Renal Physiology Part 01

Posted by e-Medical PPT Wednesday, September 1, 2010
Renal physiology is the study of the physiology of the kidney.This encompasses all functions of the kidney, including reabsorption of glucose, amino acids, and other small molecules; regulation of sodium, potassium, and other electrolytes; regulation of fluid balance and blood pressure; maintenance of acid-base balance; and the production of various hormones including erythropoietin and vitamin D.
The nephron, is the smallest functional unit of the kidney. Each nephron begins with a filtration component that filters blood entering the kidney. This filtrate then flows along the length of the nephron, which is a tubular structure lined by a single layer of specialized cells and surrounded by capillaries. The major functions of these lining cells are the reabsorption of water and small molecules from the filtrate into the blood, and the secretion of wastes from the blood into the urine.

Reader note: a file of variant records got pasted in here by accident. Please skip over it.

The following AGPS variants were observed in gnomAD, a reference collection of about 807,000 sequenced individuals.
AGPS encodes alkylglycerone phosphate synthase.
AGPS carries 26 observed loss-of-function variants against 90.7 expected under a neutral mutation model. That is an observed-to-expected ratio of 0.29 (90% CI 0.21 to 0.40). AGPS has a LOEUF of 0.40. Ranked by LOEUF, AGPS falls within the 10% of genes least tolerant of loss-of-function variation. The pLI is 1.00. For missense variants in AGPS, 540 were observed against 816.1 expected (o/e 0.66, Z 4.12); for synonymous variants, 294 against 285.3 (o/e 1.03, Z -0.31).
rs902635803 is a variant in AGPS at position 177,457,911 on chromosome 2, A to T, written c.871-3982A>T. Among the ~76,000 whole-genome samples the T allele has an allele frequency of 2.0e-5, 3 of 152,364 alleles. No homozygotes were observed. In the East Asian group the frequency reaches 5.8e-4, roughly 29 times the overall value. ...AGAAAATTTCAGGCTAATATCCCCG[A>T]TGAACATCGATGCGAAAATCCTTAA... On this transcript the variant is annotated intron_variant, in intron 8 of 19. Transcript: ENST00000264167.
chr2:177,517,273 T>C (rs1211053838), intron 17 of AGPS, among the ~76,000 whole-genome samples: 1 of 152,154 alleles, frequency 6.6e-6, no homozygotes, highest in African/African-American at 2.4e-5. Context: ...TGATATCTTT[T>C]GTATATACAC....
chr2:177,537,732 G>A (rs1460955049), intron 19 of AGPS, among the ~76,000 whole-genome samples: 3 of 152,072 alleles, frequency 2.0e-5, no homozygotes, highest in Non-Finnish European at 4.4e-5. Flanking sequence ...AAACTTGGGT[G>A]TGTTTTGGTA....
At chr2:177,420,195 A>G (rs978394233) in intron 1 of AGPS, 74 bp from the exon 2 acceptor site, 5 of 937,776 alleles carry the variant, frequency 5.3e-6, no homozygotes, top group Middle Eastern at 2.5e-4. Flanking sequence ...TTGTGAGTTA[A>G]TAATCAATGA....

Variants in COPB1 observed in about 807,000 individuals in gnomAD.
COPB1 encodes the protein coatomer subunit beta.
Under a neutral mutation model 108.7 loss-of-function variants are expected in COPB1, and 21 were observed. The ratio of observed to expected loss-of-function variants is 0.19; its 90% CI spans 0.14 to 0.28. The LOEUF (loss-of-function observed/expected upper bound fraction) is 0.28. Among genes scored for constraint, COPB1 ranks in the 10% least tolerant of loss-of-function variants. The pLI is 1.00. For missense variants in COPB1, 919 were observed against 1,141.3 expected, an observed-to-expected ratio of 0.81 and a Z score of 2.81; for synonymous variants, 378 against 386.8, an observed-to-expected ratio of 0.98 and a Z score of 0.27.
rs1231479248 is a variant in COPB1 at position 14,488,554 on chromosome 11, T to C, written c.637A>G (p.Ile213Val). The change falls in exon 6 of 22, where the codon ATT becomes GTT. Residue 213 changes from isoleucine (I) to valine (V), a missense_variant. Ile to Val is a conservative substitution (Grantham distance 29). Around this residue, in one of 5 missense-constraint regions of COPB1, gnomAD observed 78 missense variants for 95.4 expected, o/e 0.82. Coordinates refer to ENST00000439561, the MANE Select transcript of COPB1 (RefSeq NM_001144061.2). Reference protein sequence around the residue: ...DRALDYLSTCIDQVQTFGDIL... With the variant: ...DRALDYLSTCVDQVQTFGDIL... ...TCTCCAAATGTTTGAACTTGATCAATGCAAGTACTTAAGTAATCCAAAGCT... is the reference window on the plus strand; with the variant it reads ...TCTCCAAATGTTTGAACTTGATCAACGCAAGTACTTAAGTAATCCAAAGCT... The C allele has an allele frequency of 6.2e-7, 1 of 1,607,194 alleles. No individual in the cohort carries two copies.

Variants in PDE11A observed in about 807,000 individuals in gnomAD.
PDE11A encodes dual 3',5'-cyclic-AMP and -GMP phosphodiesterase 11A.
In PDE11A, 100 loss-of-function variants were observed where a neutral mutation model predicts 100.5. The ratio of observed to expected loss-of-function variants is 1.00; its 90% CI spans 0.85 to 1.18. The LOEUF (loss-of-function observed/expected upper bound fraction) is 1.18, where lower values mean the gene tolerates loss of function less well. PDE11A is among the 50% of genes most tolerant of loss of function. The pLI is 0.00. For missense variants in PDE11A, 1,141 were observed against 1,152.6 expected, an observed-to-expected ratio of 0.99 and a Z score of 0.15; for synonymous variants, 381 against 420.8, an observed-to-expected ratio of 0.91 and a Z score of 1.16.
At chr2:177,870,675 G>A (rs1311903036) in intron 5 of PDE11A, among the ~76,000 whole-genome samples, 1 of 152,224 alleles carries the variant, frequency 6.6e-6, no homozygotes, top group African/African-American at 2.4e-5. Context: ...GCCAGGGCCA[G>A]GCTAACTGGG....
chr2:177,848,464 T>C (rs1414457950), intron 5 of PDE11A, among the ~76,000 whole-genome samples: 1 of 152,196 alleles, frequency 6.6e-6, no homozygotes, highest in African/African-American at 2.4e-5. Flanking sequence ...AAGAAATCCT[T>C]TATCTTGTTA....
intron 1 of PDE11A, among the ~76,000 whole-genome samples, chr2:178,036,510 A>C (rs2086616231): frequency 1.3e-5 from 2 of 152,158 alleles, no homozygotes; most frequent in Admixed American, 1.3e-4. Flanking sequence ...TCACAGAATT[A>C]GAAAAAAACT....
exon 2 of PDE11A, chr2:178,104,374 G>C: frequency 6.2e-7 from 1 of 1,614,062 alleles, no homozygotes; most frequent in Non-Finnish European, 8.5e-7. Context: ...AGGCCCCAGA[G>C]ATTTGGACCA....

The kidney's ability to perform many of its functions depends on the three fundamental functions of filtration, reabsorption, and secretion, whose sum is renal excretion. The blood is filtered by nephrons, the functional units of the kidney. Each nephron begins in a renal corpuscle, which is composed of a glomerulus enclosed in a Bowman's capsule. The ultrafiltrate is passed through, in turn, the proximal tubule, the loop of Henle, the distal convoluted tubule, and a series of collecting ducts to form urine.Tubular reabsorption is the process by which solutes and water are removed from the tubular fluid and transported into the blood. It is called reabsorption.Reabsorption is a two-step process beginning with the active or passive extraction of substances from the tubule fluid into the renal interstitium.Tubular secretion is the transfer of materials from peritubular capillaries to renal tubular lumen. Tubular secretion is caused mainly by active transport.

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